Story by Bryanna R. Poulin
Little Rock District Public Affairs
ROGERS, Arkansas—Living on mountain tops, amidst the solitary splendor of nature Bald Eagles have infinite freedom. Its distinctive brown body, white head and up to 7-foot wing span allows them to dive with speeds up to 99 mph into valleys below or upward into the boundless spaces beyond.
While eagles are known for being on the faces of quarters and half dollars and are the American symbol for freedom most people still think they are endangered.
“It’s important to remember that Bald Eagles are protected and are no longer on the endangered species list,” Alan Bland, park ranger at Beaver Lake Project Office, Little Rock District, U.S. Army Corps of Engineers said. “People don’t always know they are protected and not endangered.”
It wasn’t so long ago the eagles were considered endangered.
Shortly after World War II to control mosquitoes and insects, Dichloro Diphenyl Trichloroethane was wreaking havoc for the Bald Eagle. When the pesticide enters the food chain it causes reproductive failure so future eaglets didn’t’ have a chance for survival.
“DDT made the eggshells very thin so they would bust before the eaglet could hatch,” Bland explained. “DDT was in the water where the plants and fish absorbed it and eagles were eating the poisonous fish.
The decline of future generations was a primary reason DDT was banned in 1972 allowing U.S. Fish and Wildlife Services to place the Bald Eagle as endangered and give the nations bird a chance to thrive.
“DDT was around for years and many people used it because it was a very effective chemical,” Bland said. “When they finally banned it they started hacking stations to repopulate the bird.”
The hacking stations would take eaglets from their wild nests and transfer them to a different location where they thrived in artificial nests. The eaglets lived in cages and human caretakers fed them until their feathers became fully developed and they could live on on their own.
“They [caretakers] would go up to the nest with a puppet that looked like an eagle to feed them so the birds never saw a human,” Bland explained.
Once developed the tiny eagles would be tested for their flying ability and usually monitored with small transmitters on their necks.
“They would put a number on the wing and do a full health checkup, this was way back in the day…the 1980s,” said Bland.
After the eaglets were released and could take advantage of the open land and habitats they began reproducing steadily allowing them to be removed from the endangered list and only be a protected species.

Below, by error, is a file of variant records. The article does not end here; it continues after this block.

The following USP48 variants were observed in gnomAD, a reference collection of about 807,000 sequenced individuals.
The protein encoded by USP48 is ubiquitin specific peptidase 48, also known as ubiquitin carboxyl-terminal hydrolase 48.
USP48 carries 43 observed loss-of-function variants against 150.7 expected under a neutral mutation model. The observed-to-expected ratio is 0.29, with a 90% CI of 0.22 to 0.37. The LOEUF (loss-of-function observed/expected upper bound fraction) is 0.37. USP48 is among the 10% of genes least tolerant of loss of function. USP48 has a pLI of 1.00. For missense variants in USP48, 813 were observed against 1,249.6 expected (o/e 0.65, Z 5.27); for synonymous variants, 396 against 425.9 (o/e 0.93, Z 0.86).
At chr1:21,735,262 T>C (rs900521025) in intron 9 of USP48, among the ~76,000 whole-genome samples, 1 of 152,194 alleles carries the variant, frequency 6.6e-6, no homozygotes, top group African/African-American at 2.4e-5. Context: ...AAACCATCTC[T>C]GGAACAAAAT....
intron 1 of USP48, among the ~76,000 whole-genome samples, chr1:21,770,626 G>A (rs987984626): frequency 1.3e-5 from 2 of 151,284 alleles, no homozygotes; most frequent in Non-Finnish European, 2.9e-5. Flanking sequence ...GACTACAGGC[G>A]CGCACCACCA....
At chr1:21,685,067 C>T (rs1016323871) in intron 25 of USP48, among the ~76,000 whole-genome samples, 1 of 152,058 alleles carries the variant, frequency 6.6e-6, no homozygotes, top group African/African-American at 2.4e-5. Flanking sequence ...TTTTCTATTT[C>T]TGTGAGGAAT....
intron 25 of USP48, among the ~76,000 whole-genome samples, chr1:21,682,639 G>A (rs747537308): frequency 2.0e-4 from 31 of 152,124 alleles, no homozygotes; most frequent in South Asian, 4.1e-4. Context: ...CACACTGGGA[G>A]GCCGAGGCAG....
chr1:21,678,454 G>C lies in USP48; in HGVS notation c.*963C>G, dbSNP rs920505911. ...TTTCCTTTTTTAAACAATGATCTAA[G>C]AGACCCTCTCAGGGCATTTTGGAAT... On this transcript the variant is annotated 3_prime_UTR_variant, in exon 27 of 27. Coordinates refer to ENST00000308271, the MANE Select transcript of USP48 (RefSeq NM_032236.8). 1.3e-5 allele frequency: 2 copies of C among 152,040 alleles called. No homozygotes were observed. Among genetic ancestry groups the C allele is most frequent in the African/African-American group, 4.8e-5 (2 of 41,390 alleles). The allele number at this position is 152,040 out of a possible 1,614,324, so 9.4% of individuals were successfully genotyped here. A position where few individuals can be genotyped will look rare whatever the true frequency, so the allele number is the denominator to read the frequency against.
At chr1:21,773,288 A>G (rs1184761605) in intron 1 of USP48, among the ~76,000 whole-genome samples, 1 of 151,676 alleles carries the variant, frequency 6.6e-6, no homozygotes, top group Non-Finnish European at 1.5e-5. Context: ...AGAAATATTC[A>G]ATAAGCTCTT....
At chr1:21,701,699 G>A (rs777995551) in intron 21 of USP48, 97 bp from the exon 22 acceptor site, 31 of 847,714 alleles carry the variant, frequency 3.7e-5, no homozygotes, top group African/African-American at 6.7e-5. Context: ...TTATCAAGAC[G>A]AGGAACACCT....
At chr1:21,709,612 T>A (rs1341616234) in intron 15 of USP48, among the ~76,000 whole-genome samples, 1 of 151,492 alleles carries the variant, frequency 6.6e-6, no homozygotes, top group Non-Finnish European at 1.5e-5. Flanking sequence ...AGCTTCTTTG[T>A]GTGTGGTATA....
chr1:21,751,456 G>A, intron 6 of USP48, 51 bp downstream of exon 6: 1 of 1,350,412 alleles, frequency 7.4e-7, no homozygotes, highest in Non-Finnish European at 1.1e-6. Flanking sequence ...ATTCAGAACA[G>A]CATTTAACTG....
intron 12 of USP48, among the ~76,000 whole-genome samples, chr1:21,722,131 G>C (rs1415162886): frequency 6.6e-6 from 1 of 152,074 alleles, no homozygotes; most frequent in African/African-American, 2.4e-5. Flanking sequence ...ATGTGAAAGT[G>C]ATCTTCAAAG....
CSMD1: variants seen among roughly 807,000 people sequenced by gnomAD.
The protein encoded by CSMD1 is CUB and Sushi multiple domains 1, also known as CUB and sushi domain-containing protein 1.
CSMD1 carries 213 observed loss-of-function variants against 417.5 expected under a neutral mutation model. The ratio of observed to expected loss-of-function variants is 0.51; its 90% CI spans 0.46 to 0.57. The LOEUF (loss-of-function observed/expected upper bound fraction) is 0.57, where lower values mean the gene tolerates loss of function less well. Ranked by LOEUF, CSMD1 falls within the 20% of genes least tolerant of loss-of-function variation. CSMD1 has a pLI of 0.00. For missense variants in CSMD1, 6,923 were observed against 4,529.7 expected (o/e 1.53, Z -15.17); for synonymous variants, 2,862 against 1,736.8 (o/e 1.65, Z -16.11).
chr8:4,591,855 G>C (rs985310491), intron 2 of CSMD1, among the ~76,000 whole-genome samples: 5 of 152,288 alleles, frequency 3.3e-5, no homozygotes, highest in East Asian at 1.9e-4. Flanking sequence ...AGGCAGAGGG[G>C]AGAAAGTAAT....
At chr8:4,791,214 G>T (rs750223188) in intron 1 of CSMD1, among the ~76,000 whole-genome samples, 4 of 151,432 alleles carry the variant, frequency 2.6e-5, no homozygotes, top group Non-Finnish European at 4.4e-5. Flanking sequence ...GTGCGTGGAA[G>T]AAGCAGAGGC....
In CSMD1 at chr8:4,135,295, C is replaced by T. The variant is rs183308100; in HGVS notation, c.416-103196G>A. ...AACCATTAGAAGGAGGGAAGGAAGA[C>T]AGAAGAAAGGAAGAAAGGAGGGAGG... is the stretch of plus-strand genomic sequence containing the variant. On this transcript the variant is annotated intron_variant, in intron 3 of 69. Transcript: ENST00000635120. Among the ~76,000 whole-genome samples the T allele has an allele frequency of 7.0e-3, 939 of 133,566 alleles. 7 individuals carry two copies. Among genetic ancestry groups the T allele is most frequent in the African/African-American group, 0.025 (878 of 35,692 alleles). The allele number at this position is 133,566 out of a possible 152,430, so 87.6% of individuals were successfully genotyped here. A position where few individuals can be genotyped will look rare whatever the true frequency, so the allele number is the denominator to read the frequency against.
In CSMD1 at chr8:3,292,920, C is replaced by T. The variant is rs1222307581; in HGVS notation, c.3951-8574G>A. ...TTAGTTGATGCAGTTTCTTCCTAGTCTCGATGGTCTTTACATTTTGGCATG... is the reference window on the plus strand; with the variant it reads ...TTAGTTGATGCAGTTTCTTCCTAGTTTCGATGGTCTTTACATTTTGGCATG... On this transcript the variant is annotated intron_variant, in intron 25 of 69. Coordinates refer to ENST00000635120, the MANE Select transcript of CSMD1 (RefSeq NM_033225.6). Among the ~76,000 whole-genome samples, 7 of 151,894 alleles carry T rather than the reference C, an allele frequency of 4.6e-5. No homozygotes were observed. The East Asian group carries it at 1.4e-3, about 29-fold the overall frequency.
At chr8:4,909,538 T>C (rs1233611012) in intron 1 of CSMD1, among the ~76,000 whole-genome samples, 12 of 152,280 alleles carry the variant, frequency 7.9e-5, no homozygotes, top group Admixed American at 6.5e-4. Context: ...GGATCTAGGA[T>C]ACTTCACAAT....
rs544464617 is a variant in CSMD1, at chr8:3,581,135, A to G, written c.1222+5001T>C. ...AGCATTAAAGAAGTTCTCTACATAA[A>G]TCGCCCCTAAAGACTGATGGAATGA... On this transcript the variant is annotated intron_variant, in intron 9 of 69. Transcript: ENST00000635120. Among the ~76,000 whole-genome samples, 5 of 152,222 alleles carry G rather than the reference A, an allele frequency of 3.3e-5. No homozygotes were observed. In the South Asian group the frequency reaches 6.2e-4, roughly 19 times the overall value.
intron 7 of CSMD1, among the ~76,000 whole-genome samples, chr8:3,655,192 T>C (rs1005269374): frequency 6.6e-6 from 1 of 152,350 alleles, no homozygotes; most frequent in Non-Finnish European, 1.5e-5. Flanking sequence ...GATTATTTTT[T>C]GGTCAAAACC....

The protection is why Beaver Lake rangers participates in the National Midwinter Bald Eagle Survey that takes places each January. The survey is an agreement with the U.S. Geological Survey, Forest and Rangeland Ecosystem Science Center and USACE. The purpose is to establish a partnership between the organizations who maintains the long-term, national coordination of the count, data, analysis and reporting.
“We have a certain time frame we have to do our count,” Donna Bryant, park ranger at Beaver Lake, Little Rock District USACE said. “Usually it’s sometime in the middle of January.”
Setting a date may seem easy but there are variables rangers have to consider.
“A date is set but never confirmed until about a week out,” she said. “The count is dependent on how the weather is.”
Not only does weather play a role for the rangers it also influences the eagles.
“With the high winds yesterday they could be as far as Missouri or Kansas,” Bland said. “Wind makes them exert less energy so it doesn’t take them long to get anywhere.”
Luckily for Bland and his teammates covering miles of shoreline has happened without any glitches.
“Besides extreme cold and freezing temperatures we haven’t had any excruciating circumstances or major problems so far,” Bland said.
Another factor impacting counts is lakes like Beaver are huge.
We try to cover as much area as we can, Bland explained. This year we covered 400 miles of shoreline and about 30,000 acres of waters.
While this year’s number was slightly less than earlier years Bland has seen an increase in his 30 plus years of experience. Basically eagles are making a comeback.
There has been a growth of eagles over the years and we now see them everywhere, Bland believes. They are so common now that I’ve seen as many as 269 in one day.
Most rangers know the lake like the back of their hand but that still doesn’t make the count easy.There are no fancy devices to count the birds, in fact rangers only have their experience and a pair of binoculars for the count.
“We have to physically count each Bald Eagle we see,” Bryant said. “With dense woods and limited visibility it would be impossible to get an exact number. We try to get the best estimate but sometimes we just don’t see them because they are too far into the wood line.”
Bland added how important the eagle numbers are to the surrounding community.
“This is beneficial to the public because people are asking if rangers are seeing more or less eagles,” explained Bland. “They are fascinated by eagles and our yearly counts.”
Overall both rangers felt this year’s count was a success.
This year the weather was warmer and conditions better than previous years, Bland concluded. We saw a few nests and our count was more than 100.
Bryant agreed by saying “For a windy day the count was about average compared to past years where we’ve seen more. Overall not bad.”
This year Beaver Lakes final count was 105 total, 80 matures and 25 immatures.